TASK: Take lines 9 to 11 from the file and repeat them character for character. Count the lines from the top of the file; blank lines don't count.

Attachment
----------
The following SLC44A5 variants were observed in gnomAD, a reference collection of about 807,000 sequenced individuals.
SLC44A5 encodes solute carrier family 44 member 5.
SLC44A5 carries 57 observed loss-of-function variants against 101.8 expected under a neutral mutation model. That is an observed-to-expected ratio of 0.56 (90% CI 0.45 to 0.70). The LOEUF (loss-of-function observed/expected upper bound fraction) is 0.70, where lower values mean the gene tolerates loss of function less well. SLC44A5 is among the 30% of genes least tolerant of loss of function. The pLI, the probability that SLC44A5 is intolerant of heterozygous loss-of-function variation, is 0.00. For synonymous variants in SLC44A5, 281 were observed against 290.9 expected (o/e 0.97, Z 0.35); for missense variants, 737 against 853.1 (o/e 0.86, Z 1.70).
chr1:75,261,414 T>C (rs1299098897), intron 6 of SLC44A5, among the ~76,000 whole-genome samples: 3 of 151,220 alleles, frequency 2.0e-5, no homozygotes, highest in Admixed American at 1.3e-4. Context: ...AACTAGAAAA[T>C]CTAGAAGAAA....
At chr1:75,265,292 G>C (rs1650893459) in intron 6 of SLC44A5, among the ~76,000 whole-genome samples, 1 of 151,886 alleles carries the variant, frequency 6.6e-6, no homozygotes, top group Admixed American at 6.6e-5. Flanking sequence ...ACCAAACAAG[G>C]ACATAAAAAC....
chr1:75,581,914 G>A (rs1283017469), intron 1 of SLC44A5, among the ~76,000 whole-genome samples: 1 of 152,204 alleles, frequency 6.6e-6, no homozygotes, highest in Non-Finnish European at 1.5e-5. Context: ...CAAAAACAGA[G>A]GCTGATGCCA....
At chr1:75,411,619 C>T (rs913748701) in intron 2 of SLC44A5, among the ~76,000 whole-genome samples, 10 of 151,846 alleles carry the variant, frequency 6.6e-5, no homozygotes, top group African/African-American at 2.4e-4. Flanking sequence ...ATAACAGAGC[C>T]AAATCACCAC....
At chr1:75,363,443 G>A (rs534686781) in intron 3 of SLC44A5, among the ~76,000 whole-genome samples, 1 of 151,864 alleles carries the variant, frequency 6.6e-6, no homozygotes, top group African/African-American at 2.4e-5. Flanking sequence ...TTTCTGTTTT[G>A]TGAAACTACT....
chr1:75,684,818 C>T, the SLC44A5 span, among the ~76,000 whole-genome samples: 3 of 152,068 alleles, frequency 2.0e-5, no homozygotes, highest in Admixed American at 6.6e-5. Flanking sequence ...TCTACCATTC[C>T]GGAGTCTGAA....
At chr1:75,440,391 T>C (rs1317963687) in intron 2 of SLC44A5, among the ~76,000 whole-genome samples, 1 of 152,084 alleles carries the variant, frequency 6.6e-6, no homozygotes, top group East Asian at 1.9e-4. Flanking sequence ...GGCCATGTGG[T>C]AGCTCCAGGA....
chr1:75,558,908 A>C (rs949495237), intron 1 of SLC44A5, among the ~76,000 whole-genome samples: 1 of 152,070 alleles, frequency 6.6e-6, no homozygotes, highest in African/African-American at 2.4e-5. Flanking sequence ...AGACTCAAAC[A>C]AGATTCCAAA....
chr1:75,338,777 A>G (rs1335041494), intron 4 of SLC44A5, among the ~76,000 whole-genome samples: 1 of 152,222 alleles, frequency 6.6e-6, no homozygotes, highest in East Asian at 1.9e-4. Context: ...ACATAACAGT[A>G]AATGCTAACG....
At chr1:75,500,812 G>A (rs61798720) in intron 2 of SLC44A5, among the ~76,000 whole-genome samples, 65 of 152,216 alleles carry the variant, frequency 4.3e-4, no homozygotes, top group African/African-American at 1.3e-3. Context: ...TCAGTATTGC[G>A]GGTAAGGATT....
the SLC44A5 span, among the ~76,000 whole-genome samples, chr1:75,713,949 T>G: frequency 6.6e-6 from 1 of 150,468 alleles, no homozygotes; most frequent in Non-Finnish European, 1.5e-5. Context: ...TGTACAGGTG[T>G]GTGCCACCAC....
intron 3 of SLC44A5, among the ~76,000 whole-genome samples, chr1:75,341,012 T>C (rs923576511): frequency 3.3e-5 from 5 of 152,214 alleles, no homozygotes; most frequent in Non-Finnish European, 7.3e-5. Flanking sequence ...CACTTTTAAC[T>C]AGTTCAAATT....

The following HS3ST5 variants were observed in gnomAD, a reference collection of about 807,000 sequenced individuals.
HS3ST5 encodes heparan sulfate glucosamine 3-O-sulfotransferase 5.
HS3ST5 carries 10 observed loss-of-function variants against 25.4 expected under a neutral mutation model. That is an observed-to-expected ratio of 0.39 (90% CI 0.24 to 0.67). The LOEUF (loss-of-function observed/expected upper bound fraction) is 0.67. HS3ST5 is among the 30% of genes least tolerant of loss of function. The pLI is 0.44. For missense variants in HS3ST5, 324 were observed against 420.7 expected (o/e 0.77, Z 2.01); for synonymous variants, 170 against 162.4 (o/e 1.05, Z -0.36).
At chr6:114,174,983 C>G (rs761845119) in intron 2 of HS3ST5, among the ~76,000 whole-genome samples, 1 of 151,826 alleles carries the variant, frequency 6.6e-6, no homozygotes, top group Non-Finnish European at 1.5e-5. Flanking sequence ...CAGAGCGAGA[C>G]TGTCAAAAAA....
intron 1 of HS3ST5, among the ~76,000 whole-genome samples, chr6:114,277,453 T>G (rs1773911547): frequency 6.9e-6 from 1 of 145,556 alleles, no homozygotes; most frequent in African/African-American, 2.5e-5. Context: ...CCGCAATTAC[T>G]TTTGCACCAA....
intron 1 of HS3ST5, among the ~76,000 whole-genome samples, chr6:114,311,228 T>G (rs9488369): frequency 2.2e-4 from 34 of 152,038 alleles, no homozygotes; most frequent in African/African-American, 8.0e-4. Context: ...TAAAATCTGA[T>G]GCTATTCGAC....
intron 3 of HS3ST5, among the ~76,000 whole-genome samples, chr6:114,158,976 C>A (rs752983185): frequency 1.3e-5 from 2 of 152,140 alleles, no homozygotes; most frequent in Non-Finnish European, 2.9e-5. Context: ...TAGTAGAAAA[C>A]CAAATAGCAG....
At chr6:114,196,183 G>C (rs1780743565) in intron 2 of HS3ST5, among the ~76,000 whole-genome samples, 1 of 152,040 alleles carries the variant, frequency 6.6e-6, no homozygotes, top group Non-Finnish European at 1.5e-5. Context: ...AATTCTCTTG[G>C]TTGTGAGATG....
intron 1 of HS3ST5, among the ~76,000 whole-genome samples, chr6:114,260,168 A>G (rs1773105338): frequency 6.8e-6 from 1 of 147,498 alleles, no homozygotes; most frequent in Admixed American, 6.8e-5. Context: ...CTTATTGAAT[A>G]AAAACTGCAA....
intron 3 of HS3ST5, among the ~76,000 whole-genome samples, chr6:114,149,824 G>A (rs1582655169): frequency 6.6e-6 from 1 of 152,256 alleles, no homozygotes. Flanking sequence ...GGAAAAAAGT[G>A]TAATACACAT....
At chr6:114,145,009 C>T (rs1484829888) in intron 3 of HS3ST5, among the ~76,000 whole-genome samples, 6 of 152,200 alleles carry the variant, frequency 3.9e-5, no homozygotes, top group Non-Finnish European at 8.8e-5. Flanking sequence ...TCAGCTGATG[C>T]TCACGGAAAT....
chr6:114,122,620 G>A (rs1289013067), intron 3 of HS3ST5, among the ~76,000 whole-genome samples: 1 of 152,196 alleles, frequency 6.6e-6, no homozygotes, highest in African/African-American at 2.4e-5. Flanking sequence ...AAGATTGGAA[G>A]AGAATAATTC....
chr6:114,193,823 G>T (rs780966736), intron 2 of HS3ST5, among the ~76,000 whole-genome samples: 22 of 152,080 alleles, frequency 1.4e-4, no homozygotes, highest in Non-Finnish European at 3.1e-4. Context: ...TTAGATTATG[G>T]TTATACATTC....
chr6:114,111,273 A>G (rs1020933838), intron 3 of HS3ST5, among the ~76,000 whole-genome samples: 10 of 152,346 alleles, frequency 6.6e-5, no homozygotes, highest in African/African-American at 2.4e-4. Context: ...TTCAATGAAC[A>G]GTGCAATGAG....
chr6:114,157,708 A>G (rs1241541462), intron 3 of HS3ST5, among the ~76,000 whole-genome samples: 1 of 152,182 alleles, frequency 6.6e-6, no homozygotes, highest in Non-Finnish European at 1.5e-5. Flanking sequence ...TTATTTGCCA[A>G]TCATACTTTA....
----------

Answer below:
chr1:75,684,818 C>T, the SLC44A5 span, among the ~76,000 whole-genome samples: 3 of 152,068 alleles, frequency 2.0e-5, no homozygotes, highest in Admixed American at 6.6e-5. Flanking sequence ...TCTACCATTC[C>T]GGAGTCTGAA....
At chr1:75,440,391 T>C (rs1317963687) in intron 2 of SLC44A5, among the ~76,000 whole-genome samples, 1 of 152,084 alleles carries the variant, frequency 6.6e-6, no homozygotes, top group East Asian at 1.9e-4. Flanking sequence ...GGCCATGTGG[T>C]AGCTCCAGGA....
chr1:75,558,908 A>C (rs949495237), intron 1 of SLC44A5, among the ~76,000 whole-genome samples: 1 of 152,070 alleles, frequency 6.6e-6, no homozygotes, highest in African/African-American at 2.4e-5. Flanking sequence ...AGACTCAAAC[A>C]AGATTCCAAA....